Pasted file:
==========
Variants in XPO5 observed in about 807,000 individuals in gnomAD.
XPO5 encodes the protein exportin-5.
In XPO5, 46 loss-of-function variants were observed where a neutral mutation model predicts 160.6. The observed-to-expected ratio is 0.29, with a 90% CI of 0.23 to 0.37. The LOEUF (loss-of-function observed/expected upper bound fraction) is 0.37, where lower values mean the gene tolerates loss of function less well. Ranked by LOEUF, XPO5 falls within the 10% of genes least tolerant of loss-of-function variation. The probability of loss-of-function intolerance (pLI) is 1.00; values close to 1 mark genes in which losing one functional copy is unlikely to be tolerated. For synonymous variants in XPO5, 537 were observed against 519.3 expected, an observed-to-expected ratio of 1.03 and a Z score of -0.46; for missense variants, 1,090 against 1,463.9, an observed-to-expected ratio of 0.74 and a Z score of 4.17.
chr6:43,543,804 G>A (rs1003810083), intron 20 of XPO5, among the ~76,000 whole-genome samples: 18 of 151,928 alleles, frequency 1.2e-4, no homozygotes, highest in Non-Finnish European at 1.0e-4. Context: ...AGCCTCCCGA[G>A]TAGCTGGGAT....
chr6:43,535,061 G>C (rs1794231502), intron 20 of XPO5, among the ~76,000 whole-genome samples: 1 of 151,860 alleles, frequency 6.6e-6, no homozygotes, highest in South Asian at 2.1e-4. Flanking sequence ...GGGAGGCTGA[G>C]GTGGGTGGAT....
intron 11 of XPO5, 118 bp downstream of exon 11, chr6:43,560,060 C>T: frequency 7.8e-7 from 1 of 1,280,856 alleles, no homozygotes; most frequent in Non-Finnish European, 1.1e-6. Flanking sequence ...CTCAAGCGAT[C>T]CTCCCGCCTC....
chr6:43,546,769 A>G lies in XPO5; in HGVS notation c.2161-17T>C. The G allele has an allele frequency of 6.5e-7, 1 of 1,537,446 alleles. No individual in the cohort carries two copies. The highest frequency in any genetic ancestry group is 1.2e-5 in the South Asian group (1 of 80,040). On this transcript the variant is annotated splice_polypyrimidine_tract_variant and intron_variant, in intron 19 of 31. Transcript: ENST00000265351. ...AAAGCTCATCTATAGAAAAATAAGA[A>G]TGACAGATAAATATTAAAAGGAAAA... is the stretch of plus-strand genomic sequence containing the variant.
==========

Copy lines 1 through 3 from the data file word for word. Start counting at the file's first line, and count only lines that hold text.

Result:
Variants in XPO5 observed in about 807,000 individuals in gnomAD.
XPO5 encodes the protein exportin-5.
In XPO5, 46 loss-of-function variants were observed where a neutral mutation model predicts 160.6. The observed-to-expected ratio is 0.29, with a 90% CI of 0.23 to 0.37. The LOEUF (loss-of-function observed/expected upper bound fraction) is 0.37, where lower values mean the gene tolerates loss of function less well. Ranked by LOEUF, XPO5 falls within the 10% of genes least tolerant of loss-of-function variation. The probability of loss-of-function intolerance (pLI) is 1.00; values close to 1 mark genes in which losing one functional copy is unlikely to be tolerated. For synonymous variants in XPO5, 537 were observed against 519.3 expected, an observed-to-expected ratio of 1.03 and a Z score of -0.46; for missense variants, 1,090 against 1,463.9, an observed-to-expected ratio of 0.74 and a Z score of 4.17.